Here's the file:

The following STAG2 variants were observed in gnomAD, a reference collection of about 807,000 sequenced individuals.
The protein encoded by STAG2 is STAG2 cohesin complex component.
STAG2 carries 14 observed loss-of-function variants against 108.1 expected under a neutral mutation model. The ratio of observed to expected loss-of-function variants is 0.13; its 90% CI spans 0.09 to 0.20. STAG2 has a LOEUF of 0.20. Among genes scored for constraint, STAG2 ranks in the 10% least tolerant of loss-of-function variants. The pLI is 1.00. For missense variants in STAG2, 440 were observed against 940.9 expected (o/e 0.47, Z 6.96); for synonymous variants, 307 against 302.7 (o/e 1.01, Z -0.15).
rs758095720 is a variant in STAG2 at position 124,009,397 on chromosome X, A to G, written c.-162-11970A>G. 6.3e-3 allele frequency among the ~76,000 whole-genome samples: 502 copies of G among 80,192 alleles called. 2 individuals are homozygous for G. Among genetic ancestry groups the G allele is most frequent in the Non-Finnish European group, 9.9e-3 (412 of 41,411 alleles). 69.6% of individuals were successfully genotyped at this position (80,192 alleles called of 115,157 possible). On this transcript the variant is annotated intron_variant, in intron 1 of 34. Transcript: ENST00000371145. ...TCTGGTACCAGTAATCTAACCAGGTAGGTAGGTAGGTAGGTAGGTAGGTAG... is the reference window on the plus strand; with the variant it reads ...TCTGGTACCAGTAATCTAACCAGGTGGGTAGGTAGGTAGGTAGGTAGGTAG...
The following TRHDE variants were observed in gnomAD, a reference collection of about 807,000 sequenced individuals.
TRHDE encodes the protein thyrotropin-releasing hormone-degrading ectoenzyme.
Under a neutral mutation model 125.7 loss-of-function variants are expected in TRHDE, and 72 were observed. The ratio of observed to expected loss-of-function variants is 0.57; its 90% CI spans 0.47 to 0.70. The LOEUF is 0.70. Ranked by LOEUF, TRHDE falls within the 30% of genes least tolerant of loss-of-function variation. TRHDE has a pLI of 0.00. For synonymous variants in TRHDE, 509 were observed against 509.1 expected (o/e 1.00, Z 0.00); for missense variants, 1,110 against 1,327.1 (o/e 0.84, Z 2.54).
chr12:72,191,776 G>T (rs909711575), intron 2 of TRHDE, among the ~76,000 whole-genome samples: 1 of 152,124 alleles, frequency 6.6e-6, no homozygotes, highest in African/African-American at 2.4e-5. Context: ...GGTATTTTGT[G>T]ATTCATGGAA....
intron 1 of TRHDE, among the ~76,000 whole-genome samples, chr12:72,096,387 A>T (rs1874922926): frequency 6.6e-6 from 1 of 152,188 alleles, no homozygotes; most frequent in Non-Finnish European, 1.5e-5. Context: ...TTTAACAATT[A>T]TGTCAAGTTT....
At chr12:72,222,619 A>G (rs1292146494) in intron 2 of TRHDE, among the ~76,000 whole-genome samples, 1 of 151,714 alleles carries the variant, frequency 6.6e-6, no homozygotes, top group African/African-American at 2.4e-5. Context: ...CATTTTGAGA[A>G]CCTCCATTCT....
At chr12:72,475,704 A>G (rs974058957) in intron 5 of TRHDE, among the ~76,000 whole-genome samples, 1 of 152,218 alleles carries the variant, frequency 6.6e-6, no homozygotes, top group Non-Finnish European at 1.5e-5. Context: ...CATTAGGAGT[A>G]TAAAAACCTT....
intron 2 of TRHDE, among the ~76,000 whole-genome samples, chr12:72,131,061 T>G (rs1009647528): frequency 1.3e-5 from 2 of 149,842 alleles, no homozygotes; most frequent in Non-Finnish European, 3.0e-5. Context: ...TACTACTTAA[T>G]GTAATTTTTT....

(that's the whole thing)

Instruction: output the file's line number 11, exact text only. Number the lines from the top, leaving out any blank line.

At chr12:72,475,704 A>G (rs974058957) in intron 5 of TRHDE, among the ~76,000 whole-genome samples, 1 of 152,218 alleles carries the variant, frequency 6.6e-6, no homozygotes, top group Non-Finnish European at 1.5e-5. Context: ...CATTAGGAGT[A>G]TAAAAACCTT....